6 Plan your shoots well in advance
Preparing for all your photoshoots in advance can reduce their impact on the environment. Plan how you’re going to get there, how long you’re going to spend there, and what you need to take with you. Pack everything up well before you’re due to head out–by doing this, you’re less likely to forget anything that would require a last-minute extra trip, and you’ll also be able to work out the most environmentally friendly way to reach your destination (see the next tip).
7 Use public transport or travel in groups
If your destination is easily reachable by public transport, use it.
"If you take public transport as much as you can, your carbon footprint will be significantly less over time compared with using your own transport for the same journeys."
If you take public transport as much as you can, your carbon footprint will be significantly less over time compared with using your own transport for the same journeys.
Some places however, particularly for landscape photography, may only be accessible with private transport. If this is the case, try to travel in groups. Team up with other photographers looking to go the same place as you and share a vehicle. This way, not only will you be collectively reducing your carbon footprint by reducing the number of individual journeys, but you’ll also be in the company of fellow photographers, which is a great way to build connections and bounce ideas off each other.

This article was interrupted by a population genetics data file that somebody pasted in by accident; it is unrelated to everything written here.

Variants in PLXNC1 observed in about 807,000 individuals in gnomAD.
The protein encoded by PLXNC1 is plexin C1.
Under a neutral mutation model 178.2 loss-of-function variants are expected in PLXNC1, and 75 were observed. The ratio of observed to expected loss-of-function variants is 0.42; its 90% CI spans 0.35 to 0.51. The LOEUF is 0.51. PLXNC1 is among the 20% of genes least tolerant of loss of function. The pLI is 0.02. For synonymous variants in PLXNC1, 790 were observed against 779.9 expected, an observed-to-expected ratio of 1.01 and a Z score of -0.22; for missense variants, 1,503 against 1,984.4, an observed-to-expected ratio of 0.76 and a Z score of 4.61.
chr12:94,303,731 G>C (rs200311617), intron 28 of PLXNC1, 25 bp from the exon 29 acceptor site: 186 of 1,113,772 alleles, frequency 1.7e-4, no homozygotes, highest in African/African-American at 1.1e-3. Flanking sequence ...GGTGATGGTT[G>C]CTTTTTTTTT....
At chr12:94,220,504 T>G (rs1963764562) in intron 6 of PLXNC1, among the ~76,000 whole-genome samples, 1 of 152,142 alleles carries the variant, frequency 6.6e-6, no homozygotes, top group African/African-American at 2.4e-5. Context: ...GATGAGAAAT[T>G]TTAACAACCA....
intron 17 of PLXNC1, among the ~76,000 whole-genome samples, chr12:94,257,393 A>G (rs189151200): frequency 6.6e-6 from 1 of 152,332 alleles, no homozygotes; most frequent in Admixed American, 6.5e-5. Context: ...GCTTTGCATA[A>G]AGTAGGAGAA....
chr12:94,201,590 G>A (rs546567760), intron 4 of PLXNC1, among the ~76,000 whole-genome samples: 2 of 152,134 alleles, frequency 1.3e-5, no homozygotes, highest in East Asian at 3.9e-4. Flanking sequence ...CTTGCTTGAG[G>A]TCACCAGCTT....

If you’re unsure about how to go about getting a group together for your shoot, a good place to start is by joining local photography groups, either in person or online like Facebook, and asking around.
8 Consolidate your shoots into longer trips
If you’re planning on photoshoots in different locations, try to consolidate these into a single ‘trip’.
For example, if you plan to take pictures in several spots in a national park that are relatively close to each other, try to make this a single trip with individual stops, rather than travelling to-and-from each destination. This way, you’ll be reducing the overall mileage and fuel consumption needed to visit each place–better for both the planet and your wallet!
9 Make your business paperless
If you have a requirement for any paperwork related to your shoots, for example, model releases or invoice - create these digitally rather than printing them out. In fact, with suites such as Google Workspace and the use of e-signatures, it’s entirely feasible for all of your photography business administration to be fully digital. So if you haven't already, make the jump.
10 Pay into a carbon offsetting scheme
A carbon offset scheme lets you put money into environmental projects that are designed to reduce carbon emissions. You can even work out your emissions by using carbon calculators like this one here–so you know exactly how much to put in.
This way, if it’s inevitable you’re going to be creating significant emissions from your photography work, then you have an opportunity to balance it out.
- AuthorPhilip Mowbray
Philip is the Editor of Focus.View all articles